Former Vice President Joe BidenJoe BidenBiden says GOP senators have called to congratulate him Biden: Trump attending inauguration is 'of consequence' to the country Biden says family will avoid business conflicts MORE, the presumptive Democratic presidential nominee, has announced that if he is elected, he would reverse Trump’s decision to leave the WHO, which isn’t expected to be fulfilled until next year.

“There's a lot of trying to hedge a little bit because this doesn't go into effect until July,” Katz said. “The uncertainty on actually what may or may not happen, I think, is contributing to folks not being terribly vocal about it.”

Experts warn the lack of U.S. funds will handicap the organization in helping coordinate the response to the pandemic and leave a void that will likely be filled by China, which is not a member of the D-10.

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“The argument that the Trump administration has been peddling is that U.S. withdrawal from the WHO is emblematic of its commitment to the American taxpayer and that Washington should not sink its resources into an organization that does not serve U.S. interests,” said Kristine Lee, associate fellow with the Center for a New American Security in its Asia-Pacific Security Program.

“But the reality is that ceding ground in these organizations is far more detrimental to American interests. It is giving Beijing free rein to shape the international narrative about the origins of the virus and to promote solutions that advance the Chinese Communist Party's narrow economic and security interests,” she added.

Trump has been unrelenting in his criticism that China holds too much influence over the WHO and that Beijing covered up the extent of the threat of the virus in the early days of the outbreak, sparking a war of words with the Asian country.

The fear that China could grow its influence in the WHO is echoed by diplomats, but they argue that the response should be to strengthen reforms within the organization while preserving the WHO's efforts to combat the pandemic.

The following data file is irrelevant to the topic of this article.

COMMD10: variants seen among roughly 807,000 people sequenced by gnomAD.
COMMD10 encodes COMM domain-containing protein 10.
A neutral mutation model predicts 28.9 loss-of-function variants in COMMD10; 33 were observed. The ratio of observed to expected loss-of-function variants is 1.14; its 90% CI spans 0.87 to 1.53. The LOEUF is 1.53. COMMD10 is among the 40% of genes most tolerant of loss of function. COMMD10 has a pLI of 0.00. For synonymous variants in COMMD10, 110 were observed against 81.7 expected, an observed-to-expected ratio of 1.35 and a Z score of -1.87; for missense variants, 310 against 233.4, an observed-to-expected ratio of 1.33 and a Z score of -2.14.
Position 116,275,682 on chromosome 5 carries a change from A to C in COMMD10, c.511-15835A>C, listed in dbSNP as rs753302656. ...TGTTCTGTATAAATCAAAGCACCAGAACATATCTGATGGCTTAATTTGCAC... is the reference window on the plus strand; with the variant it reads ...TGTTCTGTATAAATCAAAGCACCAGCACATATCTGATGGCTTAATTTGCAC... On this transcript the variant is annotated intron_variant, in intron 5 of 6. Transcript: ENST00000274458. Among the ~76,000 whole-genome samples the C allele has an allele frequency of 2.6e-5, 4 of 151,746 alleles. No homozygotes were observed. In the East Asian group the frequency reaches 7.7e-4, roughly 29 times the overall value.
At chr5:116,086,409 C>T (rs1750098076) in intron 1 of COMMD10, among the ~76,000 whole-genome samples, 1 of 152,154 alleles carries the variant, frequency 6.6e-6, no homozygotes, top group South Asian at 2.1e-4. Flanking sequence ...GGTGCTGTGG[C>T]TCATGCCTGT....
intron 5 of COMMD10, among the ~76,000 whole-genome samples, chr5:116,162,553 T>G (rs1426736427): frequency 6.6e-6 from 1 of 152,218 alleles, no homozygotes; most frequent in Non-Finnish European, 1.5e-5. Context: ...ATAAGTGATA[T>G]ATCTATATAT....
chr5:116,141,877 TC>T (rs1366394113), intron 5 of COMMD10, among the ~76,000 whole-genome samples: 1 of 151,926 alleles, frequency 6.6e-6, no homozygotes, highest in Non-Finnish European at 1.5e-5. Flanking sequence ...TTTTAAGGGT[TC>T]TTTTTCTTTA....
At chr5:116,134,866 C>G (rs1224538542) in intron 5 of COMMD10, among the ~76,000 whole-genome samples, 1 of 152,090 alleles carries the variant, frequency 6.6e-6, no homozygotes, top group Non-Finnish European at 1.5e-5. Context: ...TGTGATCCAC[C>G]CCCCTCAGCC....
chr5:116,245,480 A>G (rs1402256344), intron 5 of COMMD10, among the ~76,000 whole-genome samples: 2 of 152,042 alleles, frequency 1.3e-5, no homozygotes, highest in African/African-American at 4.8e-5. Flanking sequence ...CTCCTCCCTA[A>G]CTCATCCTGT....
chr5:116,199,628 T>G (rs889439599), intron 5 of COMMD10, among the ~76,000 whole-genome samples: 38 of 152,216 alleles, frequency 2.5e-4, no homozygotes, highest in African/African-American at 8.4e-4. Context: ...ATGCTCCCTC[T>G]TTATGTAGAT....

Ricklef Beutin, the German Embassy’s deputy chief of mission, said at the Atlantic Council’s D-10 meeting that criticism of WHO may be justified and even welcomed but added, "We feel that it is not a good idea to hamper the organization while in the full thrust and brunt of this pandemic.”

“Our feeling is the world would be a better place if we all worked to make the organizations that we have, and especially the World Health Organization, better,” Beutin also said.

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The goodwill the U.S. has built up over decades of investing in global public health infrastructure, both in research and development at home and in contributions abroad, still make a powerful player in the global response, Katz of Georgetown noted.

“Clearly, the U.S. has a large cohort of scientists, epidemiologists, drug developers and people who are working day and night to support the response to the pandemic and to come up with effective medical countermeasures,” she said. “There's still much that the U.S. can contribute and should contribute to global collaboration.”

But the U.S.’s difficulties in confronting COVID-19 domestically — with the largest case count in the world — has raised fears the country is abdicating American leadership, resulting in a more damaging outcome than Trump’s withdrawal from the WHO.

“We are not global leaders in the response to this pandemic,” Katz said. “Our numbers are kind of unfathomable. It’s hard to say that we should be providing public health guidance to the world right now.”

-- Corrects story on July 14 to note Ricklef Beutin, the German Embassy's deputy chief of mission, was talking about WHO